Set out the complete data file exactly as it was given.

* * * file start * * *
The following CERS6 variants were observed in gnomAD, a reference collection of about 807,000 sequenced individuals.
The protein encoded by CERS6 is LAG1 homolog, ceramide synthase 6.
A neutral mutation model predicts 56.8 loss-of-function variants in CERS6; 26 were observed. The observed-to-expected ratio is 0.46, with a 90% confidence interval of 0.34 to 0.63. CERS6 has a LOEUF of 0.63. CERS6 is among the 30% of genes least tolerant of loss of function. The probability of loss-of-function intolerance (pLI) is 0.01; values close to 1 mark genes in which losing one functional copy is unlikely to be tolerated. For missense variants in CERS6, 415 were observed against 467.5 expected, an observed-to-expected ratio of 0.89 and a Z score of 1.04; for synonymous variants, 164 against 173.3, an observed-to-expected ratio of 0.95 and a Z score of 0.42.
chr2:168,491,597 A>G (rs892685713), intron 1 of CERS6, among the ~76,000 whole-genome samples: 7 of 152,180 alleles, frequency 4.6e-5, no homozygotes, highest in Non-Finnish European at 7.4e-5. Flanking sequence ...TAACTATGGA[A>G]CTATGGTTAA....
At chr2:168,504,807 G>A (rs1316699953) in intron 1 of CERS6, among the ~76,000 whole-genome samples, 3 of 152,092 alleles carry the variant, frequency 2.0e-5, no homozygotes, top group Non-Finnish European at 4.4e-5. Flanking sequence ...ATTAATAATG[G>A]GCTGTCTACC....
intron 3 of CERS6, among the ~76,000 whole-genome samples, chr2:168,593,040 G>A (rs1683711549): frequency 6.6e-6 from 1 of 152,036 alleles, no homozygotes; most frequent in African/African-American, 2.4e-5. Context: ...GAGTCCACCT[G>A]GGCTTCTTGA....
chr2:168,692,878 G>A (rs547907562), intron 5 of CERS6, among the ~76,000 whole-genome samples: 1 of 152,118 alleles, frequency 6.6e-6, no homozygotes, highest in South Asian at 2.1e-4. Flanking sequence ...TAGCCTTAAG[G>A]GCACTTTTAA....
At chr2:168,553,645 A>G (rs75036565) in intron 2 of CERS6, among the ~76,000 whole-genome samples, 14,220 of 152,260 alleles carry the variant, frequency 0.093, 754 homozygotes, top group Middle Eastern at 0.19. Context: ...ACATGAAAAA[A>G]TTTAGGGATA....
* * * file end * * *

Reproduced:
The following CERS6 variants were observed in gnomAD, a reference collection of about 807,000 sequenced individuals.
The protein encoded by CERS6 is LAG1 homolog, ceramide synthase 6.
A neutral mutation model predicts 56.8 loss-of-function variants in CERS6; 26 were observed. The observed-to-expected ratio is 0.46, with a 90% confidence interval of 0.34 to 0.63. CERS6 has a LOEUF of 0.63. CERS6 is among the 30% of genes least tolerant of loss of function. The probability of loss-of-function intolerance (pLI) is 0.01; values close to 1 mark genes in which losing one functional copy is unlikely to be tolerated. For missense variants in CERS6, 415 were observed against 467.5 expected, an observed-to-expected ratio of 0.89 and a Z score of 1.04; for synonymous variants, 164 against 173.3, an observed-to-expected ratio of 0.95 and a Z score of 0.42.
chr2:168,491,597 A>G (rs892685713), intron 1 of CERS6, among the ~76,000 whole-genome samples: 7 of 152,180 alleles, frequency 4.6e-5, no homozygotes, highest in Non-Finnish European at 7.4e-5. Flanking sequence ...TAACTATGGA[A>G]CTATGGTTAA....
At chr2:168,504,807 G>A (rs1316699953) in intron 1 of CERS6, among the ~76,000 whole-genome samples, 3 of 152,092 alleles carry the variant, frequency 2.0e-5, no homozygotes, top group Non-Finnish European at 4.4e-5. Flanking sequence ...ATTAATAATG[G>A]GCTGTCTACC....
intron 3 of CERS6, among the ~76,000 whole-genome samples, chr2:168,593,040 G>A (rs1683711549): frequency 6.6e-6 from 1 of 152,036 alleles, no homozygotes; most frequent in African/African-American, 2.4e-5. Context: ...GAGTCCACCT[G>A]GGCTTCTTGA....
chr2:168,692,878 G>A (rs547907562), intron 5 of CERS6, among the ~76,000 whole-genome samples: 1 of 152,118 alleles, frequency 6.6e-6, no homozygotes, highest in South Asian at 2.1e-4. Flanking sequence ...TAGCCTTAAG[G>A]GCACTTTTAA....
At chr2:168,553,645 A>G (rs75036565) in intron 2 of CERS6, among the ~76,000 whole-genome samples, 14,220 of 152,260 alleles carry the variant, frequency 0.093, 754 homozygotes, top group Middle Eastern at 0.19. Context: ...ACATGAAAAA[A>G]TTTAGGGATA....